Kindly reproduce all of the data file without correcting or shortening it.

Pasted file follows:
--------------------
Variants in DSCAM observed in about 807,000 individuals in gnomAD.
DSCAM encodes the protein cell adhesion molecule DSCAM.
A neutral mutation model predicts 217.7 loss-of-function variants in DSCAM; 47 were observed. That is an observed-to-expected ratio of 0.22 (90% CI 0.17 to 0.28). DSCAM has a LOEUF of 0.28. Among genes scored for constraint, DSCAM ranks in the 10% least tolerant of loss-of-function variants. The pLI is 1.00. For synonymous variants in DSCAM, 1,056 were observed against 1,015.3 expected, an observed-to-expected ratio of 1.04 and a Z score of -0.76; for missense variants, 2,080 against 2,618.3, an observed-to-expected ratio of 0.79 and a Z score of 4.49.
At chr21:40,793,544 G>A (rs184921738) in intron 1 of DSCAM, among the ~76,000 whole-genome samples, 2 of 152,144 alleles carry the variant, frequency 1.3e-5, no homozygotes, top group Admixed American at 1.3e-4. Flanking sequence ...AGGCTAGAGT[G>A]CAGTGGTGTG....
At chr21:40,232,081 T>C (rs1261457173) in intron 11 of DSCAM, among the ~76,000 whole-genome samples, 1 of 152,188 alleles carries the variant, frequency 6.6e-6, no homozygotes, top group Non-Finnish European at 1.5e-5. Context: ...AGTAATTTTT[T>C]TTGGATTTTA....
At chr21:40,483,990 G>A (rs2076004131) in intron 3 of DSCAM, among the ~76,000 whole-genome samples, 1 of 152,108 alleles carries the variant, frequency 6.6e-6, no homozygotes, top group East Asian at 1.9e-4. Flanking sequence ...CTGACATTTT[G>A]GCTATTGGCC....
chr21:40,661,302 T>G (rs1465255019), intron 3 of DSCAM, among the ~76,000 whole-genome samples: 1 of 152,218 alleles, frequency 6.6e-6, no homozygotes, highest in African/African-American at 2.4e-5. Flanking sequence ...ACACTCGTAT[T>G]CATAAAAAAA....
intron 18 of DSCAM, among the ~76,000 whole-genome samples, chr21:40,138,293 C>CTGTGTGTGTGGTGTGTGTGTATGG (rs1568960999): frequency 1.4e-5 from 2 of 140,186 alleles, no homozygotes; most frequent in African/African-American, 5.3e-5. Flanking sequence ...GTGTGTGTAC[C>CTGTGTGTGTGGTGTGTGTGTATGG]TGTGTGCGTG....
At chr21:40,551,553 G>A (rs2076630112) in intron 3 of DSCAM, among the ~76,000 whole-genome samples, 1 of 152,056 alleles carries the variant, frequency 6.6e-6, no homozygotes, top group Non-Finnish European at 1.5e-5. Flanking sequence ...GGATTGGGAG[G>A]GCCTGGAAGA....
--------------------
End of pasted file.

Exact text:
Variants in DSCAM observed in about 807,000 individuals in gnomAD.
DSCAM encodes the protein cell adhesion molecule DSCAM.
A neutral mutation model predicts 217.7 loss-of-function variants in DSCAM; 47 were observed. That is an observed-to-expected ratio of 0.22 (90% CI 0.17 to 0.28). DSCAM has a LOEUF of 0.28. Among genes scored for constraint, DSCAM ranks in the 10% least tolerant of loss-of-function variants. The pLI is 1.00. For synonymous variants in DSCAM, 1,056 were observed against 1,015.3 expected, an observed-to-expected ratio of 1.04 and a Z score of -0.76; for missense variants, 2,080 against 2,618.3, an observed-to-expected ratio of 0.79 and a Z score of 4.49.
At chr21:40,793,544 G>A (rs184921738) in intron 1 of DSCAM, among the ~76,000 whole-genome samples, 2 of 152,144 alleles carry the variant, frequency 1.3e-5, no homozygotes, top group Admixed American at 1.3e-4. Flanking sequence ...AGGCTAGAGT[G>A]CAGTGGTGTG....
At chr21:40,232,081 T>C (rs1261457173) in intron 11 of DSCAM, among the ~76,000 whole-genome samples, 1 of 152,188 alleles carries the variant, frequency 6.6e-6, no homozygotes, top group Non-Finnish European at 1.5e-5. Context: ...AGTAATTTTT[T>C]TTGGATTTTA....
At chr21:40,483,990 G>A (rs2076004131) in intron 3 of DSCAM, among the ~76,000 whole-genome samples, 1 of 152,108 alleles carries the variant, frequency 6.6e-6, no homozygotes, top group East Asian at 1.9e-4. Flanking sequence ...CTGACATTTT[G>A]GCTATTGGCC....
chr21:40,661,302 T>G (rs1465255019), intron 3 of DSCAM, among the ~76,000 whole-genome samples: 1 of 152,218 alleles, frequency 6.6e-6, no homozygotes, highest in African/African-American at 2.4e-5. Flanking sequence ...ACACTCGTAT[T>G]CATAAAAAAA....
intron 18 of DSCAM, among the ~76,000 whole-genome samples, chr21:40,138,293 C>CTGTGTGTGTGGTGTGTGTGTATGG (rs1568960999): frequency 1.4e-5 from 2 of 140,186 alleles, no homozygotes; most frequent in African/African-American, 5.3e-5. Flanking sequence ...GTGTGTGTAC[C>CTGTGTGTGTGGTGTGTGTGTATGG]TGTGTGCGTG....
At chr21:40,551,553 G>A (rs2076630112) in intron 3 of DSCAM, among the ~76,000 whole-genome samples, 1 of 152,056 alleles carries the variant, frequency 6.6e-6, no homozygotes, top group Non-Finnish European at 1.5e-5. Flanking sequence ...GGATTGGGAG[G>A]GCCTGGAAGA....